Effects of Different Shoes on Balance and Stability

Shoe wear can be an extremely important item of clothing in the older adult. Studies show that almost half of all falls are linked with the type of shoes worn at the time of the fall. Slippers and heels double the risk of falling in older people. Even younger adults are at risk of fractures from shoes with a high or narrow heel. And walking barefoot isn’t any better. The risk of falling also increases with bare feet (and especially wearing just socks).

In this study, investigators looked at specific shoe features and how they affect walking and balance. Young adults in their early-to-mid twenties were compared with older adults (over 65). Everyone was tested on a flat surface and again on an uneven surface wearing shoes with different heels, soles, tread, and collar.

A standard shoe was defined as an Oxford-style lace-up shoe with a low heel collar, square heel, and smooth sole. Five other shoe designs were included: high-collar shoe, elevated heel shoe, tread sole shoe, soft sole shoe, and hard sole shoe. An orthopedic boot maker made all the shoes and fit them to each participant.

Before starting the walking part of the study, each person was tested for sensation, balance control, and strength. Then they completed three walking trials wearing each of the different shoes on a level flat floor and on an uneven walkway. Special motion detector equipment recorded three-dimensional (3-D) movement data of the entire body.

Center-of-mass (COM) and ground reaction forces were calculated. Each person also rated their own sense of stability on a scale from one (most unstable) to five (most stable). Level of comfort was also rated using a similar scale (one to five for least comfortable to most comfortable).

The researchers pointed out that maintaining stability when walking requires control of the center of mass as the person’s base of support (BOS) changes. As a person’s balance is challenged, the center-of-mass expands and reaches the edges of the base-of-support. The difference between these two measures is referred to as COM-BOS margin.

They used this study to find out if shoe wear could improve center of mass, stability, and comfort. The hope was to find a shoe that would enhance balance and improve an older adult’s ability to respond when suddenly off balance.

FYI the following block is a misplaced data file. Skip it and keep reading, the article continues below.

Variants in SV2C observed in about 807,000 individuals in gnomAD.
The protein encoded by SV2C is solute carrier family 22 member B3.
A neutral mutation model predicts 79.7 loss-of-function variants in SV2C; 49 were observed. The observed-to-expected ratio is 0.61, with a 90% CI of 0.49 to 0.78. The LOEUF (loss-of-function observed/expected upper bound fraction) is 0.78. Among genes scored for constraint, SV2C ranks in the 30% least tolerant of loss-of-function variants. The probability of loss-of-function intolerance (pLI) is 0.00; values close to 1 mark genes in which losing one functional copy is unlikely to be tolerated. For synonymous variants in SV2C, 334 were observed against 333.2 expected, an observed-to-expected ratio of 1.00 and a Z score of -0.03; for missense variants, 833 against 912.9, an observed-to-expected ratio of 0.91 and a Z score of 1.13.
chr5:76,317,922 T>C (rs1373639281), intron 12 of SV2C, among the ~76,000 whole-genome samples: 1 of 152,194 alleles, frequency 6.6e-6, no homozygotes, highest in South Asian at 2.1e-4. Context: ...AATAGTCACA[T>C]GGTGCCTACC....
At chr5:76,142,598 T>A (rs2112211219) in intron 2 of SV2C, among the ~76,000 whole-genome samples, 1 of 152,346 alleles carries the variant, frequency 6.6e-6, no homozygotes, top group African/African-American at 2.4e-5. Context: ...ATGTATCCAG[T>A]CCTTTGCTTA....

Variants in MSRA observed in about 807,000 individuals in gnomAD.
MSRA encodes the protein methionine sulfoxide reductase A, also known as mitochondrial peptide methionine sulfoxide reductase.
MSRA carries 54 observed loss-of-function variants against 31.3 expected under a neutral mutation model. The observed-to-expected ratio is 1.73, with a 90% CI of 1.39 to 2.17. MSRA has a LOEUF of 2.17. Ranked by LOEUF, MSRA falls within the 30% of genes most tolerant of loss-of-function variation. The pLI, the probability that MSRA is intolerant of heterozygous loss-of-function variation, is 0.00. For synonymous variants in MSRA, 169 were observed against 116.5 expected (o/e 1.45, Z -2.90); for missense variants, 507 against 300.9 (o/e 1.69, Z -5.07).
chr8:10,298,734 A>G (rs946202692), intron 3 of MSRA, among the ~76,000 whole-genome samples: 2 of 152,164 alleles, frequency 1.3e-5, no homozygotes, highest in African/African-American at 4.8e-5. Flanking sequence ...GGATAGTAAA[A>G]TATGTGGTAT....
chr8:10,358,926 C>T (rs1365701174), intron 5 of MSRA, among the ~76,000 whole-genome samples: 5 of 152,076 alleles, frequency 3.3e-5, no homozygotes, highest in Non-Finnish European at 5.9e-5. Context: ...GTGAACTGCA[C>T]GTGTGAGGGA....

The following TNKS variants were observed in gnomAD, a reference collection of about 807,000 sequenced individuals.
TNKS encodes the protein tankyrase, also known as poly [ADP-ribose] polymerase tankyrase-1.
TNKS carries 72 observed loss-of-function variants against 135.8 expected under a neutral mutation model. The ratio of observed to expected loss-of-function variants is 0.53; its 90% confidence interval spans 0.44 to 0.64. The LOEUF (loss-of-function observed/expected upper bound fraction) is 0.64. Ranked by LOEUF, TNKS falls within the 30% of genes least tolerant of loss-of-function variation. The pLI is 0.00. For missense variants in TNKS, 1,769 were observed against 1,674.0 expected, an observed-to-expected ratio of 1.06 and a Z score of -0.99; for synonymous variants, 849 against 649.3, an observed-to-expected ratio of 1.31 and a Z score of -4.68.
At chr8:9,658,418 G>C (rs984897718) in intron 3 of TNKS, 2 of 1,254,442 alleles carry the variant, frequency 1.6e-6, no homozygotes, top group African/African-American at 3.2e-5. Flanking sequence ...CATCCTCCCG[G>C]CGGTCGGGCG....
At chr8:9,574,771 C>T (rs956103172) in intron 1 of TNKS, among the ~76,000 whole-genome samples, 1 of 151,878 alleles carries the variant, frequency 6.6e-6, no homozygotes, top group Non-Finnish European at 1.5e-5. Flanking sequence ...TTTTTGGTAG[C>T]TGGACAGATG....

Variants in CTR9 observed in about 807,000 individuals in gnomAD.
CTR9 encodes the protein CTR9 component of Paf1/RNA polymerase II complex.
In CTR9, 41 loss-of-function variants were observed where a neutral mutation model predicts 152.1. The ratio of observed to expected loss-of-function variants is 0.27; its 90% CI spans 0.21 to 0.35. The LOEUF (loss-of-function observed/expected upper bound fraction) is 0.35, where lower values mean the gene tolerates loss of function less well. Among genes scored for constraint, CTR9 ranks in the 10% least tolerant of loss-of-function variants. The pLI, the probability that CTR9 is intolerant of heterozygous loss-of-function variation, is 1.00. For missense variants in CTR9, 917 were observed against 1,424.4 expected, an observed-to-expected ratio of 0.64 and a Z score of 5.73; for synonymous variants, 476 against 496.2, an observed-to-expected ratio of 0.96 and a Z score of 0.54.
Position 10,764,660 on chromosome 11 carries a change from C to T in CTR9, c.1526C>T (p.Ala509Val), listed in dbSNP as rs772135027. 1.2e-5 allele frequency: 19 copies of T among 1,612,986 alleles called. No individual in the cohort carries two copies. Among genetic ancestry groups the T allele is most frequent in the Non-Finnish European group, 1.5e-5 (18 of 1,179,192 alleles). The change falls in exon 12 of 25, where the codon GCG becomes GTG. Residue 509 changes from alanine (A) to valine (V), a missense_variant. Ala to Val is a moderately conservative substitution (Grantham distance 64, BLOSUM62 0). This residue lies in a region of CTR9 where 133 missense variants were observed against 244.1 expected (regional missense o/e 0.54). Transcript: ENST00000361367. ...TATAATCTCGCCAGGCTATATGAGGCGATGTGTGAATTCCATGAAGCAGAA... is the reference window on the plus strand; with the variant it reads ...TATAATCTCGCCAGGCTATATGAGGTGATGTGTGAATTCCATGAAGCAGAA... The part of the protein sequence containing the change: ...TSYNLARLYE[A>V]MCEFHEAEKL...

The authors looked at four areas and compared them between the two groups. These four areas were: 1) age-related effects, 2) surface-related effects, 3) shoe condition effects, and 4) shoe comfort and stability.

First, they found many differences based on age. Older adults had poorer visual contrast sensitivity (seeing differences or changes in floor/surface color or design). They also had less sensitivity on the bottom of their feet and decreased knee strength compared to younger adults. Older adults were more likely to take shorter steps, walk slower, and spend more time with both feet on the ground at the same time.

The response to the uneven surface was the same between the two groups. Everyone took wider steps, walked more slowly, and expanded their center of balance to the edge of their base of support. Both groups were able to walk faster and take longer steps when wearing a tread shoe on an even surface. Soft-soled shoes also allowed a faster pace.

Shoes with an elevated heel or hard soles resulted in smaller step width. Subjects kept both feet on the ground for longer time than with the standard shoe. When wearing the soft soled shoes or shoes with a high collar, adults in both groups had a larger shift in their center-of-mass and base-of-support (from side to side). Some of the shoe types (hard sole, elevated heel, high collar) also reduced the margins between center-of-mass and base-of-support from front to back.

In the final category of outcome measures (shoe comfort and stability), everyone felt the elevated heel shoes were less comfortable and more unstable. The younger adults felt that the soft sole shoes were less stable than the standard shoes. Older adults with less sensitivity on the bottom surface of the feet did not notice the difference between soft, standard, and hard soles.

In summary, this was the first study to look at the effects of specific shoe features on walking stability in young and older adults. As might be expected, uneven surfaces did challenge balance control. COM-BOS margins were less when there was an unstable surface or shoe type such as the elevated heel shoes.

Soft sole shoes offer less mechanical support while tread sole shoes and the standard shoe allowed people to walk faster and take a longer stride length. Anyone with balance problems, or decreased sensation in the feet should beware of soft sole shoes. This type of footwear is considered a potential hazard.

For the older adult, an increased shoe heel height is a risk factor for loss of balance. It appears that the optimal shoe type is a low heeled, low collar, lace-up Oxford with or without tread. They may not be the height of fashion, but they will reduce the risk of falls and disabling fractures in anyone 65 or older.